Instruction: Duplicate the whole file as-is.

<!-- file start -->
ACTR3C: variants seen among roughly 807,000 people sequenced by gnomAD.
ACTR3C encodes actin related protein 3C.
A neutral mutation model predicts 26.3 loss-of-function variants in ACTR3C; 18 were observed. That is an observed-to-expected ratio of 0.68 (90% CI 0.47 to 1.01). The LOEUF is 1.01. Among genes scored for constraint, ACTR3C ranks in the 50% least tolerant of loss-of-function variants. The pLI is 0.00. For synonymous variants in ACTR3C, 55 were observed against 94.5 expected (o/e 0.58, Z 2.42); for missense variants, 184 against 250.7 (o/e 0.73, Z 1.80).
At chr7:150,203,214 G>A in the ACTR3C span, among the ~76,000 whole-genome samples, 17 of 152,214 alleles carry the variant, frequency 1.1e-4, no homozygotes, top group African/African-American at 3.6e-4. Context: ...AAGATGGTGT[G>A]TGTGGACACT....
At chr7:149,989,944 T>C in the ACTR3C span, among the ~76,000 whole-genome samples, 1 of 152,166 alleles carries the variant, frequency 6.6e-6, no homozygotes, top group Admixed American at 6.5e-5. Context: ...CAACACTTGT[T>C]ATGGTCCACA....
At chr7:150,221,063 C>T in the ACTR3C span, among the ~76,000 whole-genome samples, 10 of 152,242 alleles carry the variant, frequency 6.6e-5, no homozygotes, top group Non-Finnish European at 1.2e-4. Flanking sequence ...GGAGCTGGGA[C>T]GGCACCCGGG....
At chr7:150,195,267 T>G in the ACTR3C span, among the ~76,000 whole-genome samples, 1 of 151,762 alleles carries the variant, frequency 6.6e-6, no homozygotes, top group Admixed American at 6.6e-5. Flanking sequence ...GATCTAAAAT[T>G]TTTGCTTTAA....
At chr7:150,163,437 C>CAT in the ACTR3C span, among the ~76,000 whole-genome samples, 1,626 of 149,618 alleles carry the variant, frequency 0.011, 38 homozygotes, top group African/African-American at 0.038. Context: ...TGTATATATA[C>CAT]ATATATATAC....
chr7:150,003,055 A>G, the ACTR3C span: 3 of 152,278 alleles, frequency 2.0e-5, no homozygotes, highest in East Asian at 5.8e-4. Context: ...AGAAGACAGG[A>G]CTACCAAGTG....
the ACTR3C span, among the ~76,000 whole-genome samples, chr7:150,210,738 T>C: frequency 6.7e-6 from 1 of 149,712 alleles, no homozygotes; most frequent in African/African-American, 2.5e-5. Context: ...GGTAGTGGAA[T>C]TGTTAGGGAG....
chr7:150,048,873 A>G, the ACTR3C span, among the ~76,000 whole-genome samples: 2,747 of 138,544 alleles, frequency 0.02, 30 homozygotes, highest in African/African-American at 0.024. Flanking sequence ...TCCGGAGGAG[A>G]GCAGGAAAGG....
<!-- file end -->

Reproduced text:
ACTR3C: variants seen among roughly 807,000 people sequenced by gnomAD.
ACTR3C encodes actin related protein 3C.
A neutral mutation model predicts 26.3 loss-of-function variants in ACTR3C; 18 were observed. That is an observed-to-expected ratio of 0.68 (90% CI 0.47 to 1.01). The LOEUF is 1.01. Among genes scored for constraint, ACTR3C ranks in the 50% least tolerant of loss-of-function variants. The pLI is 0.00. For synonymous variants in ACTR3C, 55 were observed against 94.5 expected (o/e 0.58, Z 2.42); for missense variants, 184 against 250.7 (o/e 0.73, Z 1.80).
At chr7:150,203,214 G>A in the ACTR3C span, among the ~76,000 whole-genome samples, 17 of 152,214 alleles carry the variant, frequency 1.1e-4, no homozygotes, top group African/African-American at 3.6e-4. Context: ...AAGATGGTGT[G>A]TGTGGACACT....
At chr7:149,989,944 T>C in the ACTR3C span, among the ~76,000 whole-genome samples, 1 of 152,166 alleles carries the variant, frequency 6.6e-6, no homozygotes, top group Admixed American at 6.5e-5. Context: ...CAACACTTGT[T>C]ATGGTCCACA....
At chr7:150,221,063 C>T in the ACTR3C span, among the ~76,000 whole-genome samples, 10 of 152,242 alleles carry the variant, frequency 6.6e-5, no homozygotes, top group Non-Finnish European at 1.2e-4. Flanking sequence ...GGAGCTGGGA[C>T]GGCACCCGGG....
At chr7:150,195,267 T>G in the ACTR3C span, among the ~76,000 whole-genome samples, 1 of 151,762 alleles carries the variant, frequency 6.6e-6, no homozygotes, top group Admixed American at 6.6e-5. Flanking sequence ...GATCTAAAAT[T>G]TTTGCTTTAA....
At chr7:150,163,437 C>CAT in the ACTR3C span, among the ~76,000 whole-genome samples, 1,626 of 149,618 alleles carry the variant, frequency 0.011, 38 homozygotes, top group African/African-American at 0.038. Context: ...TGTATATATA[C>CAT]ATATATATAC....
chr7:150,003,055 A>G, the ACTR3C span: 3 of 152,278 alleles, frequency 2.0e-5, no homozygotes, highest in East Asian at 5.8e-4. Context: ...AGAAGACAGG[A>G]CTACCAAGTG....
the ACTR3C span, among the ~76,000 whole-genome samples, chr7:150,210,738 T>C: frequency 6.7e-6 from 1 of 149,712 alleles, no homozygotes; most frequent in African/African-American, 2.5e-5. Context: ...GGTAGTGGAA[T>C]TGTTAGGGAG....
chr7:150,048,873 A>G, the ACTR3C span, among the ~76,000 whole-genome samples: 2,747 of 138,544 alleles, frequency 0.02, 30 homozygotes, highest in African/African-American at 0.024. Flanking sequence ...TCCGGAGGAG[A>G]GCAGGAAAGG....